Nikkei Asia300 is on a roll, with a few notable exceptions
Some airlines, shipping companies are having a tough time in a changing market
KENJI KAWASE, Nikkei deputy editor
HONG KONG The earnings picture for the Nikkei Asia300 had a number of standouts, among them Indian companies providing consumer goods and IT services, along with Apple's major Taiwanese suppliers and Chinese internet conglomerates. But a few sectors were peppered with losers such as airlines, shipping companies and IT hardware manufacturers.
Regional flag carriers especially have had a tough time as they feel the squeeze from low-cost carriers, rising fuel costs and mounting competition by expanding Chinese airlines.
Cathay Pacific Airways, which recorded its first net loss last year since the financial crisis of 2008, responded by sacking chief executive Ivan Chu Kwok-leung and letting go 600 employees in May, with another 200 cuts reportedly coming. "We have had to make tough but necessary decisions for the future of our business and our customers," said Rupert Hogg, who took over as chief executive of the Hong Kong airline.
Thai Airways International could be in a more difficult position. After three straight years of losses, the company managed to crawl back into the black, but as fuel prices rose and competition intensified, operating profit for the first quarter, normally the busiest season of the year, dropped by 60% year-on-year. Narongchai Wongthanavimok, chief financial officer of the airline, said in a recent investment forum in Singapore that the competitive landscape remains challenging, even though there are signs that low-cost rivals are scaling back on capacity expansions.
For Korean Air Lines, a slumping shipping industry exacerbated its troubles. The bankruptcy of its affiliate Hanjin Shipping inflicted a more than 820 billion won ($730 million) loss last year, causing its financial soundness to further deterioriate.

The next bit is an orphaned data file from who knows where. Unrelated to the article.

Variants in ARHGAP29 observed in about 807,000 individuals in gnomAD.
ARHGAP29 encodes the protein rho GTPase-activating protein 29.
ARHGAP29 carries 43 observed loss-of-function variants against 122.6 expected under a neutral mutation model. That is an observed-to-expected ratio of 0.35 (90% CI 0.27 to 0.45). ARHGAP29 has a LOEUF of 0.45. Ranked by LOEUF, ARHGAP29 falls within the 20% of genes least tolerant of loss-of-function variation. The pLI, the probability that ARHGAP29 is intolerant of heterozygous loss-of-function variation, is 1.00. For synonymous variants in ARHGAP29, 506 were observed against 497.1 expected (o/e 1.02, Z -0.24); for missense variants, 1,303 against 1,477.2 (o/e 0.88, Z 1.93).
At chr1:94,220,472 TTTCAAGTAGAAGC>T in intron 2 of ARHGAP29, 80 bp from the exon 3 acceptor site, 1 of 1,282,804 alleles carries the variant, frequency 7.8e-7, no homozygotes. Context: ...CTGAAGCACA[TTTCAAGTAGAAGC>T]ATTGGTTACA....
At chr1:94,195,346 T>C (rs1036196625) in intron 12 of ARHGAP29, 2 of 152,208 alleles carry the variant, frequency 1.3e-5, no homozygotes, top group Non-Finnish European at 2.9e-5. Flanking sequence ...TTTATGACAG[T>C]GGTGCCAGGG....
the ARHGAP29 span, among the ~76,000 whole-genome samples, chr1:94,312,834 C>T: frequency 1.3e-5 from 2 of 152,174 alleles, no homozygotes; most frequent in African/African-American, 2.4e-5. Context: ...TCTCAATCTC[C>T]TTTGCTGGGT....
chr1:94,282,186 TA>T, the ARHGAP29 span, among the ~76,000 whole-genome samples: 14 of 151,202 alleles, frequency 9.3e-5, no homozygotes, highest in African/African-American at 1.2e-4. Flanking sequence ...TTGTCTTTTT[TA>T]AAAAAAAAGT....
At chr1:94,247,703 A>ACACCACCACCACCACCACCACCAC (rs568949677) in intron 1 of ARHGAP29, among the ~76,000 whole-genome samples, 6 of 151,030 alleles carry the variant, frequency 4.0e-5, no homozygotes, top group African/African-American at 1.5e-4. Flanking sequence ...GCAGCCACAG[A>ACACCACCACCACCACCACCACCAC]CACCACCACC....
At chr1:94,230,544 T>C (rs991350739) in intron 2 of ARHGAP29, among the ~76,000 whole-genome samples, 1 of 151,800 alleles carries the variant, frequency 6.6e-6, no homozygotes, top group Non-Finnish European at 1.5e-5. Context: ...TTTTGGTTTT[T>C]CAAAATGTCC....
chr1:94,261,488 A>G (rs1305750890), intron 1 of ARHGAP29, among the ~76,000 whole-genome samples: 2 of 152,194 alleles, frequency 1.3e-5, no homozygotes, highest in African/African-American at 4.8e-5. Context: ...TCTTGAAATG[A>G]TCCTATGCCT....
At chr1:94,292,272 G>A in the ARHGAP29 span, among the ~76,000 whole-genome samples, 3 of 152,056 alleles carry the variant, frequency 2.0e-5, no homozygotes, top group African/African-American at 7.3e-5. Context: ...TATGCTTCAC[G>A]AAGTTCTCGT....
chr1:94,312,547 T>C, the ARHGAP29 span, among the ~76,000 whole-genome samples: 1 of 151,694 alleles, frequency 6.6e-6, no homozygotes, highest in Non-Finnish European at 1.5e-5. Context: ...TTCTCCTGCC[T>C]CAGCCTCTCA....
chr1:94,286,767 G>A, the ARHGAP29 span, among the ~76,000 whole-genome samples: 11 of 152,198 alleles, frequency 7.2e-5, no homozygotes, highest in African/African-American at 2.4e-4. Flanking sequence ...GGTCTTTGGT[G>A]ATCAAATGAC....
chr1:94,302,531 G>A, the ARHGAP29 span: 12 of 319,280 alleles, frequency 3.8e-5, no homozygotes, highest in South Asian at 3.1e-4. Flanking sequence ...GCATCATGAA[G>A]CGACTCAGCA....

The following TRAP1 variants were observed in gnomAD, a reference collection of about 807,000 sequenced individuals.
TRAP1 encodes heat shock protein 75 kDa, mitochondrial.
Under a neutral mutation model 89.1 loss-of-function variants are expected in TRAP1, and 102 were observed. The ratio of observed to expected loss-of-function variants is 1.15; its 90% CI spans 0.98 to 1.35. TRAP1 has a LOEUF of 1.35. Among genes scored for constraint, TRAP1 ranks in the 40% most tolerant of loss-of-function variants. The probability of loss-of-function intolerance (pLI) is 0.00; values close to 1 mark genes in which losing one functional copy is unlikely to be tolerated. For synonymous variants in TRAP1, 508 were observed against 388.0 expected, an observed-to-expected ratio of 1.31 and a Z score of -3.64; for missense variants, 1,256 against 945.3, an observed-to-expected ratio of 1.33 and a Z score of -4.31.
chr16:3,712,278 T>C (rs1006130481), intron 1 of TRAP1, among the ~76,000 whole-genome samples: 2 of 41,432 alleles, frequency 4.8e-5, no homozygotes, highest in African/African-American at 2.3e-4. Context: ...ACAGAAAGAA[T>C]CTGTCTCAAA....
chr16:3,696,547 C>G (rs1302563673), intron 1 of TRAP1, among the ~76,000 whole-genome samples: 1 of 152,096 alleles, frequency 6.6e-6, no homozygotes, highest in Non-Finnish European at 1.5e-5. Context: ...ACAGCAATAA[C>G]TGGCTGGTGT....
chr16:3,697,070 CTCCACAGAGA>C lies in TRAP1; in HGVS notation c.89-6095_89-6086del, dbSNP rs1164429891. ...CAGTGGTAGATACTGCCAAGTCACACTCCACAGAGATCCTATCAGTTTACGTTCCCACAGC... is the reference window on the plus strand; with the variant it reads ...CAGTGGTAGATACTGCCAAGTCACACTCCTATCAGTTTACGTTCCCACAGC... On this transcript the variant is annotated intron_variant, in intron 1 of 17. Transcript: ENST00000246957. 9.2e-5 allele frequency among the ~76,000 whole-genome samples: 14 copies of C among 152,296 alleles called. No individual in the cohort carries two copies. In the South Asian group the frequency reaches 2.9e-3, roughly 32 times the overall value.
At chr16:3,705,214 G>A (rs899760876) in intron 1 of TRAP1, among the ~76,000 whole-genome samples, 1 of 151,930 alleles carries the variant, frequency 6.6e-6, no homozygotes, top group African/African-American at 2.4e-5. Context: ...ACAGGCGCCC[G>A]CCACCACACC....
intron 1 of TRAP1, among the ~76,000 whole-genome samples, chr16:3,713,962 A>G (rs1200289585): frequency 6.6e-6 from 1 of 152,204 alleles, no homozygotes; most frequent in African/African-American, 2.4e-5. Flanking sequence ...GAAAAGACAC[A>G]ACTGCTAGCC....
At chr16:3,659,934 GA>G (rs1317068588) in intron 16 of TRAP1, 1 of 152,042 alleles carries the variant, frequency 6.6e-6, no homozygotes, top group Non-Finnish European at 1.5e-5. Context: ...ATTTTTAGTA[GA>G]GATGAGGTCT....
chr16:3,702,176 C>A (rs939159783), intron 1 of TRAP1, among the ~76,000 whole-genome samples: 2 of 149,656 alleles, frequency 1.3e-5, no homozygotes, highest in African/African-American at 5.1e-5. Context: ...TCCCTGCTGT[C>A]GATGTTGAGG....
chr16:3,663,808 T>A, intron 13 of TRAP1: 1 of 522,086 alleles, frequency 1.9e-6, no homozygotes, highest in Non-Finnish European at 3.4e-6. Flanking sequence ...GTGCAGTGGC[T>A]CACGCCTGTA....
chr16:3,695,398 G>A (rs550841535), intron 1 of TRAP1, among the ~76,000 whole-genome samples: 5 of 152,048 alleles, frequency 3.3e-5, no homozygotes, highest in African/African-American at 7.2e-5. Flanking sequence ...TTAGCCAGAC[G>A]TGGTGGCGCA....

Oversupply and low demand have hit shipping line operators other than Hanjin. Cosco Shipping Holdings has recorded four consecutive years of net loss attributable to shareholders, adding up to almost 11 billion yuan ($1.61 billion). It was just slightly better for Evergreen Marine. The Taiwanese company has been in the red the last two years, accumulating a loss of 11 billion New Taiwan dollars ($365 million). However, both have managed to recover in the first quarter.
Shipbuilders are also having a tough time. Ailing South Korean shipbuilder Hyundai Heavy Industries and Daewoo Shipbuilding & Marine Engineering, have been trying to rally with major deals involving Russia. "Russian businesses will help local shipbuilders expand their shipowner pool," said Choi Jae-hyung, a Nomura analyst. "But it remains to be seen how much these could contribute to their performance,' he added.
As global smartphone demand slowed to 2.3% year-on-year in 2016 according to IDC, brands that did not make the global top five, including LG Electronics, ZTE and HTC, were fighting an increasingly uphill battle. As a result, both HTC and ZTE reported net losses last year, while LG Electronics also saw its net profit drop year-on-year in 2015 and 2016.
On the panel front, Taiwanese makers AU Optronics and Innolux have suffered from a ferocious price war with Chinese competitors such as BOE Technology Group over the past few years. However, market conditions have improved in the second half of 2016 as Samsung Display, a subsidiary of Samsung Electronics, closed its traditional liquid crystal display facilities to focus on organic light-emitting diode panels. Samsung's move tightened supply, causing LCD panel prices to rebound.
Nikkei staff writers Debby Wu and Cheng Ting-Fang in Taipei and Kim Jaewon in Seoul contributed to this story.